Fugro has been breaking new ground with onshore pile tests for two new offshore windfarm projects.
Eolien Maritime France (EMF), an offshore wind development company, is developing two offshore windfarms founded on Monopiles driven into calcarenite weak rock.
Pile tests of such significant diameter are very rare and these types of loads applied to the piles as part of the tests have never been done before in this type of rock.
Turbines around 150 metre high with more than 50 metre diameter blades will be placed on seven7 metre diameter piles in the calcarenite weak rock, and in an industry first, Fugro conducted the onshore tests to understand the behaviour of the monopiles in this type of rock.
To learn how monopile foundations will penetrate weak calcarenite rock and their resistance to environmental forces, large diameter lateral pile tests were performed in an old quarry in Gouvieux, in the North of France using technology specially designed and built for the project by Fugro.
Fugro Pile Monitoring Specialist, Michel Maron, explained: “Pile tests of such significant diameter – 0.76 and 1.2 metres – are very rare and these types of loads applied to the piles as part of the tests have never been done before in this type of rock.
“It is not clear how the rock will react to the monopiles. Our onshore pile load tests were completed to address these concerns, as well as optimise the monopile design and installation.”
For the tests, conducted over a three-month period at the end of last year, Fugro developed a purpose-built load frame and monitoring system using the latest sensors and data acquisition technologies.
The loading system, which can pull a pile up to 250 tons horizontally until failure at five meters above ground level is the only one of its kind.it uses a hydraulic power pack and electronic controls which allow maximum lateral load, speed of loading, number of cycles and loading steps to be modified on site as needed. The high flow hydraulic assembly is adapted to mimic the cyclic loading of the environmental conditions, such as the waves and wind, at the offshore windfarms.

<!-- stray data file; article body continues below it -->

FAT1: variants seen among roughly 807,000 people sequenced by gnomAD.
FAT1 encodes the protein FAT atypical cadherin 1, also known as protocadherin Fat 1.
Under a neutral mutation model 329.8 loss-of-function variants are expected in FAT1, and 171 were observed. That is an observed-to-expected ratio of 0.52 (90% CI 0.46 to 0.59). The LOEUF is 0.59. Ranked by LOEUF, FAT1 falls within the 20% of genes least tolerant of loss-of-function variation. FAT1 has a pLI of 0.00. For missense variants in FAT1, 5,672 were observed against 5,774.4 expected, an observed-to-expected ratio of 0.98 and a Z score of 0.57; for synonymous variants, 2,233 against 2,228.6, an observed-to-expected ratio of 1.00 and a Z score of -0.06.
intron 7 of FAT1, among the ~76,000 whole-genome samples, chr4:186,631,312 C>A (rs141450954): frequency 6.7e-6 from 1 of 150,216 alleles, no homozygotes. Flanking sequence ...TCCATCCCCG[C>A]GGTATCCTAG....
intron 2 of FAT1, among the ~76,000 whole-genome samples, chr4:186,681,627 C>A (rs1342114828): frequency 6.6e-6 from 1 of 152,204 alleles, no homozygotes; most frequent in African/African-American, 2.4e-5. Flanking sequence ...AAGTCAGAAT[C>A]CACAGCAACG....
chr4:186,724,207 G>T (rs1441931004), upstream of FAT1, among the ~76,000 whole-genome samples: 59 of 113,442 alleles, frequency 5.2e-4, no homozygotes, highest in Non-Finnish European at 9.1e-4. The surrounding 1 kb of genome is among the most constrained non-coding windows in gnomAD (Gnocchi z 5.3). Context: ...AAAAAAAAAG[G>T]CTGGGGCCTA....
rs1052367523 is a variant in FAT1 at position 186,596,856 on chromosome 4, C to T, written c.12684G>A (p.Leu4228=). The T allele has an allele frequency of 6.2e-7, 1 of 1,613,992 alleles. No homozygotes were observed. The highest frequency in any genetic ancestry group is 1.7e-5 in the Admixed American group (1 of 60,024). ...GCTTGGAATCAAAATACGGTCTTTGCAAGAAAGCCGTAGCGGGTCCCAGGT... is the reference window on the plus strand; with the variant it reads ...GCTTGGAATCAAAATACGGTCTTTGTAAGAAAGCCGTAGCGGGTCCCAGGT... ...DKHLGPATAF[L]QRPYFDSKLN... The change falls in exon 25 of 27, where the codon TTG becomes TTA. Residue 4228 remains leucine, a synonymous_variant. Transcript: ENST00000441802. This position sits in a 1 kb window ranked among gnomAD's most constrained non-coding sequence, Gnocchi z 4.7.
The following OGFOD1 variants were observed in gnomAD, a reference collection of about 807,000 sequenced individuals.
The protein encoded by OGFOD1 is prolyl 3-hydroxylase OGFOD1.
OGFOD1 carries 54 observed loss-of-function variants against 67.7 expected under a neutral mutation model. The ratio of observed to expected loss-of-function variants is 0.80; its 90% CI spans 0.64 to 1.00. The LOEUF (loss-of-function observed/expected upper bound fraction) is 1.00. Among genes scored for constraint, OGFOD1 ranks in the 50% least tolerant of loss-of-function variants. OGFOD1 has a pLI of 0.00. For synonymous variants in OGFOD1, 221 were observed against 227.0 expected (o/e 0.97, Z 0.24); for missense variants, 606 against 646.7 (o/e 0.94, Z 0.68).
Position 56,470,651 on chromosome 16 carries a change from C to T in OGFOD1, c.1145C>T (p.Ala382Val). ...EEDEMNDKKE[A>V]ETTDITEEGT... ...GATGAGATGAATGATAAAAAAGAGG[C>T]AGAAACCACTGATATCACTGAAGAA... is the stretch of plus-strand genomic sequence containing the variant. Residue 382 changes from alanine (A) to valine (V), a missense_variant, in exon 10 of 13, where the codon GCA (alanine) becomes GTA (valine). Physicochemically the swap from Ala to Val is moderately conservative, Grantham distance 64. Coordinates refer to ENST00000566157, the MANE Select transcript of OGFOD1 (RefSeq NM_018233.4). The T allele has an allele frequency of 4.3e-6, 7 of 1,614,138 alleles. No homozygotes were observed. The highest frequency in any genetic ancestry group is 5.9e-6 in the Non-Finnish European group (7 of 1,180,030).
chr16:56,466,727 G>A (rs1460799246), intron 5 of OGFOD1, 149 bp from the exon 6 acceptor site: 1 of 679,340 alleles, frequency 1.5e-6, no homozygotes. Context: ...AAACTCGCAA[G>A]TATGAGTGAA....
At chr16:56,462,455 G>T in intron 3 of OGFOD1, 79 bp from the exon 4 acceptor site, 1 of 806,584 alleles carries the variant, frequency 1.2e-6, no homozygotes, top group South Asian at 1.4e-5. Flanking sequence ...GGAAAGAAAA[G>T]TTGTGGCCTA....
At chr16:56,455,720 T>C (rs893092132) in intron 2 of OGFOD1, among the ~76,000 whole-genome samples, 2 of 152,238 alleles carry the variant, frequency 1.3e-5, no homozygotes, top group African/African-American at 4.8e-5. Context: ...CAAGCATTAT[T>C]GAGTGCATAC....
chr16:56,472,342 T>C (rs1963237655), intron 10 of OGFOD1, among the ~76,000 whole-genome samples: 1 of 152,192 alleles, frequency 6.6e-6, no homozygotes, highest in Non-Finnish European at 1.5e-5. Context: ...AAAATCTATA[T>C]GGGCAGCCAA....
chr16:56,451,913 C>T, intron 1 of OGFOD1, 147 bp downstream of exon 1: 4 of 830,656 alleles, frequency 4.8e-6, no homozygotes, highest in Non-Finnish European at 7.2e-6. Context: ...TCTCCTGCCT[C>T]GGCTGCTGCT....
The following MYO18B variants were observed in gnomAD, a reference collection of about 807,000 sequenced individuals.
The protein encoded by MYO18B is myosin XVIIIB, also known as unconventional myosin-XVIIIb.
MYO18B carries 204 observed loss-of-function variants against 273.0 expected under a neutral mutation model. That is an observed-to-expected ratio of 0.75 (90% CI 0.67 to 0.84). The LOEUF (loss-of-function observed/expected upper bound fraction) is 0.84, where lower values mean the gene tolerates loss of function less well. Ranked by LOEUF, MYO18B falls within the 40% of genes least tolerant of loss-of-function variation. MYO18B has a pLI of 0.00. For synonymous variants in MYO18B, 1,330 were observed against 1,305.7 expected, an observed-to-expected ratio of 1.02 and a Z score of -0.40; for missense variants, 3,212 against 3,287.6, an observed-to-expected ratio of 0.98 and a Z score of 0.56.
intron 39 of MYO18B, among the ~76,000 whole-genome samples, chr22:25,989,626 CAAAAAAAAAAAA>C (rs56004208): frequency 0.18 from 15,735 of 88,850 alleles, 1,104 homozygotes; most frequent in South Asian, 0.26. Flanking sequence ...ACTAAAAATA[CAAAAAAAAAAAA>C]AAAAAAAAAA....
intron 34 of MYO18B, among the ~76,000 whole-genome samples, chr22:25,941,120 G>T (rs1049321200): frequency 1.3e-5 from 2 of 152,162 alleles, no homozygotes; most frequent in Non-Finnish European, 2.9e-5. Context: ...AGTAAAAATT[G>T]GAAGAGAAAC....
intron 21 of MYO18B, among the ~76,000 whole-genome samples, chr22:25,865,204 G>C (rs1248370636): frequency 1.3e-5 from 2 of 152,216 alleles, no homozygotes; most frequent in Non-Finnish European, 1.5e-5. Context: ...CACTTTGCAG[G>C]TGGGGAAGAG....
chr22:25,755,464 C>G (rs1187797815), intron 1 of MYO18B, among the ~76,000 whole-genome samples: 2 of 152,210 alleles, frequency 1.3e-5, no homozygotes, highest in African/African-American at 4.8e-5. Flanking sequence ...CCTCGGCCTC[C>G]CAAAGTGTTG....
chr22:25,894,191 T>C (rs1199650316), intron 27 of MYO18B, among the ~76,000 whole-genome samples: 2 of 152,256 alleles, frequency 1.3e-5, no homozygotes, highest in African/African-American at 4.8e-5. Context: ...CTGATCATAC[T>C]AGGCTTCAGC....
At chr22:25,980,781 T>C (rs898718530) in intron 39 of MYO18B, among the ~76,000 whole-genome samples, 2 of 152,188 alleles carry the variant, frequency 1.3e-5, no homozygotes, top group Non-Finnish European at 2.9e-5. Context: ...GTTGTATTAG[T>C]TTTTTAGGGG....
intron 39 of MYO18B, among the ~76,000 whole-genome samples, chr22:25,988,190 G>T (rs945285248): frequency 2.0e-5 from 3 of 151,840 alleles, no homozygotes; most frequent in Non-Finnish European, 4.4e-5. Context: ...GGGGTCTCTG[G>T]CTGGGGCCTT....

The whole testing rig is easy and safe to operate and can be set up rapidly between test piles to perform the test.
Michel Maron said: “The cyclic amplitude of the force of 250 tons and the fact that the force is applied at five metres above ground, is completely new to this type of pile testing. Installing new technology sensors, such as optic fibre strain gauges, that resist the pile installation is also an innovation.”
Preliminary interpretation of the results were supervised by internationally recognised experts in geotechnics and pile driving – Dr Alain Puech and Dr Mark Randolph of the University of Western Australia, both employed by Fugro.
The test results are currently being used as high quality data for benchmarking the adopted design methodology for static and cyclic, laterally loaded testing of monopiles.